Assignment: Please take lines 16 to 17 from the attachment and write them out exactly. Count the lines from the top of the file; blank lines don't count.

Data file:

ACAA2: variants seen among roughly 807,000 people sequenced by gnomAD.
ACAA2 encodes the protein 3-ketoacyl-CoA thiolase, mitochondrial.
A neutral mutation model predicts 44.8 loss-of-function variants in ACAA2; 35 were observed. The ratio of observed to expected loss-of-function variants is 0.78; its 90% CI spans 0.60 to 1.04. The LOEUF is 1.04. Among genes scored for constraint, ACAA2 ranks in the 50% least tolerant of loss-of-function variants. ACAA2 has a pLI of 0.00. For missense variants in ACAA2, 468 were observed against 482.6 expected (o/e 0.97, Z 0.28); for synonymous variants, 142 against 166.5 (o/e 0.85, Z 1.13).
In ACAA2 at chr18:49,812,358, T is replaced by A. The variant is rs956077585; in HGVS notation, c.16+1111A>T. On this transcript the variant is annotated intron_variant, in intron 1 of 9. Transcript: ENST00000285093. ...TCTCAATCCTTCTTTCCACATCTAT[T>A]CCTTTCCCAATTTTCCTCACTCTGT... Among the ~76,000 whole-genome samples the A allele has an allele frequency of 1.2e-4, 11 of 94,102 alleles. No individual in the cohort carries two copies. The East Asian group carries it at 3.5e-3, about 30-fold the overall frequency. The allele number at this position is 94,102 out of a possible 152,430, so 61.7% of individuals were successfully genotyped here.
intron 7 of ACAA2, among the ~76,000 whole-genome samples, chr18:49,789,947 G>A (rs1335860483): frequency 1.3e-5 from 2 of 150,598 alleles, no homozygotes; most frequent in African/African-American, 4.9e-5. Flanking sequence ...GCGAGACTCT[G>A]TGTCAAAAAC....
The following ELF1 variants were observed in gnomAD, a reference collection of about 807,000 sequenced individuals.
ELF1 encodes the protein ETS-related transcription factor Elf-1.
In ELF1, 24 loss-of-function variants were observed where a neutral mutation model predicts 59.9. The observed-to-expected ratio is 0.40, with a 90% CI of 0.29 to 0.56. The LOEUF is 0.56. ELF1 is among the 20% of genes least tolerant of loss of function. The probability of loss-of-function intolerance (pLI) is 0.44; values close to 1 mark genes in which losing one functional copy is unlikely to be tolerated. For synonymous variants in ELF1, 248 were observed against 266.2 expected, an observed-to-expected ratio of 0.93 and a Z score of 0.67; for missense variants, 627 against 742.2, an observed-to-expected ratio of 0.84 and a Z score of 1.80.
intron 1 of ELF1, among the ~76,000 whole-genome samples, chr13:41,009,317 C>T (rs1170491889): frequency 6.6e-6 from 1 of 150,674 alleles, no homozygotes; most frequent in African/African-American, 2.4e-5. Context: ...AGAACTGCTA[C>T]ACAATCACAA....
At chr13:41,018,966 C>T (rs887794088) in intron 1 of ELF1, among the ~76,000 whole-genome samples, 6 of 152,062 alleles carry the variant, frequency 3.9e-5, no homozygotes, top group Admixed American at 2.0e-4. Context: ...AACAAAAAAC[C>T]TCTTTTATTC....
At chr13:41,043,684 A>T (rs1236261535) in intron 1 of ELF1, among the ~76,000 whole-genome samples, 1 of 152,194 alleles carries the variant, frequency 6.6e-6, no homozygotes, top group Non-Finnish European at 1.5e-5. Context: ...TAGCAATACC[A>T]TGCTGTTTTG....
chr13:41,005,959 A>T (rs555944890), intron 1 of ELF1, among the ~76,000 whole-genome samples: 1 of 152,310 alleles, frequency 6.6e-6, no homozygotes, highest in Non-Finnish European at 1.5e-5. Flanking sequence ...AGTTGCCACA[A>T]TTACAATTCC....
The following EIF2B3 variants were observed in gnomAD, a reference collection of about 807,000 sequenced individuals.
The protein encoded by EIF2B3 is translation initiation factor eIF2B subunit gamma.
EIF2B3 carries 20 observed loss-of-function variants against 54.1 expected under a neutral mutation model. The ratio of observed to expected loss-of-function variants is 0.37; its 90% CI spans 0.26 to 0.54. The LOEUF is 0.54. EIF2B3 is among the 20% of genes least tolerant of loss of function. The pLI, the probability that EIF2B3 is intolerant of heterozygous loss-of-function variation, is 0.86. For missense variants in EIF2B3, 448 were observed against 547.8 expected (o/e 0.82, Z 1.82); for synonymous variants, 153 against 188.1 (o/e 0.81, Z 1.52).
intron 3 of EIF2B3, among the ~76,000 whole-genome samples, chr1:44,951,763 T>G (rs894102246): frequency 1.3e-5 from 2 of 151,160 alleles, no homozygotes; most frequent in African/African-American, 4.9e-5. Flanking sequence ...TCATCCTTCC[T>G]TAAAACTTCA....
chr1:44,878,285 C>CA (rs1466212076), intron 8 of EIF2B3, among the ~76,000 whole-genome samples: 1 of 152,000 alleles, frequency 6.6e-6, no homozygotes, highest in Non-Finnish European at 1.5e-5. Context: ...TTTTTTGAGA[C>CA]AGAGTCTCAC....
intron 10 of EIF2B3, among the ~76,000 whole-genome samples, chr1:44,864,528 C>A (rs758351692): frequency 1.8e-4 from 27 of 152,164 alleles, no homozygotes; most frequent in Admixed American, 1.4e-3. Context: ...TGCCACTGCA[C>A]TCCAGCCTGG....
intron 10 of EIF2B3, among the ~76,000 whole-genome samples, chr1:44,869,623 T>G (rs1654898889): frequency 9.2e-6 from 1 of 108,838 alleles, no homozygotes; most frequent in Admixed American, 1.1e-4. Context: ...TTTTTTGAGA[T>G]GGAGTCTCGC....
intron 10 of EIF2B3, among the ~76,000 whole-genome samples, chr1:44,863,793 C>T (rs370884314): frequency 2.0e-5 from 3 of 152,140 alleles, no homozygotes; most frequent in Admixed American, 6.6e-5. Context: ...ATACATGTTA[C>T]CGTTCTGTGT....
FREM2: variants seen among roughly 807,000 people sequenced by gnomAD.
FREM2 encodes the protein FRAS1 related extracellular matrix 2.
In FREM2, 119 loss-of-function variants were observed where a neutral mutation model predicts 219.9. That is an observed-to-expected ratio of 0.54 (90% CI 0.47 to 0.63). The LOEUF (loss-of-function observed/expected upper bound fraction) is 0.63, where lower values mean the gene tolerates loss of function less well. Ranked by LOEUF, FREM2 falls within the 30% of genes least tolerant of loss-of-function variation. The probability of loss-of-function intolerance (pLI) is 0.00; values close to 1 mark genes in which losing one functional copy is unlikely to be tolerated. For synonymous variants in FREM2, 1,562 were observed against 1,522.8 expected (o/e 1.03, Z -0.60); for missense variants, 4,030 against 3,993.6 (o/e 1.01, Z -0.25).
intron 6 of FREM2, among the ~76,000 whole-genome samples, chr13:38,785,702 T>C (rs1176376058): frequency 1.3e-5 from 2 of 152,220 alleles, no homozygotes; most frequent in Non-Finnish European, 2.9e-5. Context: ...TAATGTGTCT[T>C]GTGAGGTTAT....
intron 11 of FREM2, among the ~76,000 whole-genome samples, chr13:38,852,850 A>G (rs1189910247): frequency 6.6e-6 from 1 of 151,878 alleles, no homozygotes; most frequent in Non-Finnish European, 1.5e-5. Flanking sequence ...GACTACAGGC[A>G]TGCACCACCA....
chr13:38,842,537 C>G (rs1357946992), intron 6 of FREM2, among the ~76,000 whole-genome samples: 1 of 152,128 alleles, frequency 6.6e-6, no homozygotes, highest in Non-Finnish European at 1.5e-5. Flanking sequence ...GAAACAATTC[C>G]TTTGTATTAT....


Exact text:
intron 3 of EIF2B3, among the ~76,000 whole-genome samples, chr1:44,951,763 T>G (rs894102246): frequency 1.3e-5 from 2 of 151,160 alleles, no homozygotes; most frequent in African/African-American, 4.9e-5. Flanking sequence ...TCATCCTTCC[T>G]TAAAACTTCA....
chr1:44,878,285 C>CA (rs1466212076), intron 8 of EIF2B3, among the ~76,000 whole-genome samples: 1 of 152,000 alleles, frequency 6.6e-6, no homozygotes, highest in Non-Finnish European at 1.5e-5. Context: ...TTTTTTGAGA[C>CA]AGAGTCTCAC....